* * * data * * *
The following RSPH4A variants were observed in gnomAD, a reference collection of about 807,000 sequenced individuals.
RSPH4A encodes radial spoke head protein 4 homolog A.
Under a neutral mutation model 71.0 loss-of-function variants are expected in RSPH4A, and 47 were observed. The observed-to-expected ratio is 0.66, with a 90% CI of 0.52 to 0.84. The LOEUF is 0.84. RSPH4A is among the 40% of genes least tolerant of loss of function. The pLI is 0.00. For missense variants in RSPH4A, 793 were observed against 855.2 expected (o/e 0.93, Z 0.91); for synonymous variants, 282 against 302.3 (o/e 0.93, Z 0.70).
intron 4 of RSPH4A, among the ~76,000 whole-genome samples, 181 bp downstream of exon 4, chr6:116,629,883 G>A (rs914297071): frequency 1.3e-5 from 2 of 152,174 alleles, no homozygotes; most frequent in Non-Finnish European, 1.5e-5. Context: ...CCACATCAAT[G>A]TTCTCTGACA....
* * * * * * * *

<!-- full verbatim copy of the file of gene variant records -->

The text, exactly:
The following RSPH4A variants were observed in gnomAD, a reference collection of about 807,000 sequenced individuals.
RSPH4A encodes radial spoke head protein 4 homolog A.
Under a neutral mutation model 71.0 loss-of-function variants are expected in RSPH4A, and 47 were observed. The observed-to-expected ratio is 0.66, with a 90% CI of 0.52 to 0.84. The LOEUF is 0.84. RSPH4A is among the 40% of genes least tolerant of loss of function. The pLI is 0.00. For missense variants in RSPH4A, 793 were observed against 855.2 expected (o/e 0.93, Z 0.91); for synonymous variants, 282 against 302.3 (o/e 0.93, Z 0.70).
intron 4 of RSPH4A, among the ~76,000 whole-genome samples, 181 bp downstream of exon 4, chr6:116,629,883 G>A (rs914297071): frequency 1.3e-5 from 2 of 152,174 alleles, no homozygotes; most frequent in Non-Finnish European, 1.5e-5. Context: ...CCACATCAAT[G>A]TTCTCTGACA....